Galloping Gish! So many papers, so little relevance

Have you been privileged to interact with that fine, tiny but very loud cabal we call #antivaxxers? Do you know the ones? Those who have minds totally made up. They aren’t hesitating to use vaccines, they are all-in against them in every fantastical way you can imagine.

The hardcore antivaxxer is better described as #proillness, #prodisease or even #proplague. If you’ve engaged with them, you may have been on the receiving end of a particular Gish Gallop that includes a single bolus of dozens (currently over 150) articles. Let’s look at how rubbish that listrealy is.

But first: what is a Gish Gallop?[1-3] This is a debate technique named after Duane Gish a creationist and first coined by Eugenie Scott. The Gish Gallop confuses an argument by drowning the user’s opponent in a flood of weak half-truths and baseless feelz so as to prevent the target from immediately replying to each point.

The Gish Gallop is intended to give the impression that the user has lots of evidence and that the opponent doesn’t know about the topic or doesn’t have the answers.

On Twitter, this is used a lot by the #prodisease cabal. Sometimes its use is followed by them walking away saying the opponent – often an expert – doesn’t know what they’re talking about. And if the opponent does address each issue, the audience will probably have walked off through boredom!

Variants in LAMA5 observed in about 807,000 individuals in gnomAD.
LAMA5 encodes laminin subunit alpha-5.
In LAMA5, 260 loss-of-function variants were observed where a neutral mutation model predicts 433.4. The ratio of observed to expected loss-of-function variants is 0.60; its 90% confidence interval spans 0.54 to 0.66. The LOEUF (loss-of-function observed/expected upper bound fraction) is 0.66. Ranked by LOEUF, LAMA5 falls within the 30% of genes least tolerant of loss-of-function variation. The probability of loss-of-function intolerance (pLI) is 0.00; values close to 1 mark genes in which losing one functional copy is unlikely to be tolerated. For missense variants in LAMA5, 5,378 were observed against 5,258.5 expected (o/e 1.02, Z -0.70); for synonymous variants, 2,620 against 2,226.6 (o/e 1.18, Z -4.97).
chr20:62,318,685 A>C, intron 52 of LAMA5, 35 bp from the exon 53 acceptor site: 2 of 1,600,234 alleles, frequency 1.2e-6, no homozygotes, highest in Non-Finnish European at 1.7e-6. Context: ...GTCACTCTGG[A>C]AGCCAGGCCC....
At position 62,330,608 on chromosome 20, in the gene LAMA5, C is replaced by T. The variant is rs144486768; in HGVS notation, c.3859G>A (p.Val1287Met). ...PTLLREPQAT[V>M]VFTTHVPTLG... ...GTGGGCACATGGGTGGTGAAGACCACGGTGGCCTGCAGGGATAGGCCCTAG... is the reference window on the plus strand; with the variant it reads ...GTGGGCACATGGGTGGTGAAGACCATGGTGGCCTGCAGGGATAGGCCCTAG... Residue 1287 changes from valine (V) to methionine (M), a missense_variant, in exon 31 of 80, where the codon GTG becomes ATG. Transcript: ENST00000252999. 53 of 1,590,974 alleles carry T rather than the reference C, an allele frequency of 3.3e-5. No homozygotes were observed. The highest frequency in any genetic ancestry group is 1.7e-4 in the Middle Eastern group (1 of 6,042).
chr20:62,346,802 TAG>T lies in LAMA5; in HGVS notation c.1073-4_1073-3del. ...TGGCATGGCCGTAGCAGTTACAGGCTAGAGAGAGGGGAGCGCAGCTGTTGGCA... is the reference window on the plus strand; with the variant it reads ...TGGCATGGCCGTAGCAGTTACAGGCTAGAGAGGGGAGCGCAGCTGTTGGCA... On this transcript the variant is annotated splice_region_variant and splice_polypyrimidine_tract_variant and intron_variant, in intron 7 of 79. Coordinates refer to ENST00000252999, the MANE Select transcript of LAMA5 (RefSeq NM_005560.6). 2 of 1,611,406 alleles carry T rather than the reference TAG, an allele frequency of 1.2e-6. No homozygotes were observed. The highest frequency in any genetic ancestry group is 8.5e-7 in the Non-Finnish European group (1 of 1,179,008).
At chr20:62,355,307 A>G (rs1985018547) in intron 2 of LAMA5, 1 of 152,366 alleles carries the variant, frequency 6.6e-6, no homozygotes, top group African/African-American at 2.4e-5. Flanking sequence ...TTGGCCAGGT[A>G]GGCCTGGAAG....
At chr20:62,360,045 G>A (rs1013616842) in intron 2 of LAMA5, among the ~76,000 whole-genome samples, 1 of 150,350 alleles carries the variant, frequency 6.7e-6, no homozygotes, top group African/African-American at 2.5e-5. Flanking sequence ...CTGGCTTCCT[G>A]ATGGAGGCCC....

The naughty list

Somewhere during these debates on social media, the more well-prepared #prodisease cultist will throw at you a long list of articles which they strongly believe support their position on vaccines being bad mmkayyy?

In reality, the list is made up of articles that don’t really support the prodiseaser’s position; the pieces are just that bad; you’d expect that given the lack of relevant expertise among those creating and curating this list. the list looks impressive but, in short, it isn’t. Its contents can be dismissed or debunked. And they have been. On multiple occasions.

Bring on the debunking

Below are some of the best sources of analysis that take this list apart.

The authors have spent time from their own lives – and probably part of their souls – to do this work and it is greatly appreciated by those of us looking to get a quick understanding of this list and its articles without reinventing the wheel.

124 (now 144) (now 157) papers that DO NOT prove vaccines cause autism

Blog: Stories from the Trauma bay

Those Lists of Papers Claiming That Vaccines Cause Autism: They Don’t Show What They Claim (Part 1)

Blog: I Speak of Dreams

Vaccines and autism: A thorough review of the evidence (2019 update)

Blog: The Logic of Science

These will prove very handy when I head off hunting the wild #prodisease beasts. Debunking doesn’t make for a fun read, but these are important resources in a time when we need to be organised and have our facts on hand.


  1. Gish Gallop
  2. Gish Gallop

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